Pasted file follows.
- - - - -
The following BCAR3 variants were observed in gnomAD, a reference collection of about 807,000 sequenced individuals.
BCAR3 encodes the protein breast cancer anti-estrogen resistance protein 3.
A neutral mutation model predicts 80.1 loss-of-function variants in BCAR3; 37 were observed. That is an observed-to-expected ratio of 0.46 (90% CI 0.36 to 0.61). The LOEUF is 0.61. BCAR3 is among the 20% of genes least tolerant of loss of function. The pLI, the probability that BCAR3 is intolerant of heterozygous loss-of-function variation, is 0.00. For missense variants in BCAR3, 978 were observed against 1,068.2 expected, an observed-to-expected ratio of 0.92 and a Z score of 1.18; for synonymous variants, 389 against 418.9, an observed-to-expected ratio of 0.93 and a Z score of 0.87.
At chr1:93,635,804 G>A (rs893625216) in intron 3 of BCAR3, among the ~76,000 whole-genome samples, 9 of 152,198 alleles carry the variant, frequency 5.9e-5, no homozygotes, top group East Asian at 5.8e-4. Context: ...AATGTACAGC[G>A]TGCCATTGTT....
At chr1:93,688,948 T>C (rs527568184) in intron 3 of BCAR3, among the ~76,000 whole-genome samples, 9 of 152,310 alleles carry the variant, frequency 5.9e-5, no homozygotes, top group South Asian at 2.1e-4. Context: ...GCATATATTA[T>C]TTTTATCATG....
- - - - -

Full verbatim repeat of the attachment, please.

The following BCAR3 variants were observed in gnomAD, a reference collection of about 807,000 sequenced individuals.
BCAR3 encodes the protein breast cancer anti-estrogen resistance protein 3.
A neutral mutation model predicts 80.1 loss-of-function variants in BCAR3; 37 were observed. That is an observed-to-expected ratio of 0.46 (90% CI 0.36 to 0.61). The LOEUF is 0.61. BCAR3 is among the 20% of genes least tolerant of loss of function. The pLI, the probability that BCAR3 is intolerant of heterozygous loss-of-function variation, is 0.00. For missense variants in BCAR3, 978 were observed against 1,068.2 expected, an observed-to-expected ratio of 0.92 and a Z score of 1.18; for synonymous variants, 389 against 418.9, an observed-to-expected ratio of 0.93 and a Z score of 0.87.
At chr1:93,635,804 G>A (rs893625216) in intron 3 of BCAR3, among the ~76,000 whole-genome samples, 9 of 152,198 alleles carry the variant, frequency 5.9e-5, no homozygotes, top group East Asian at 5.8e-4. Context: ...AATGTACAGC[G>A]TGCCATTGTT....
At chr1:93,688,948 T>C (rs527568184) in intron 3 of BCAR3, among the ~76,000 whole-genome samples, 9 of 152,310 alleles carry the variant, frequency 5.9e-5, no homozygotes, top group South Asian at 2.1e-4. Context: ...GCATATATTA[T>C]TTTTATCATG....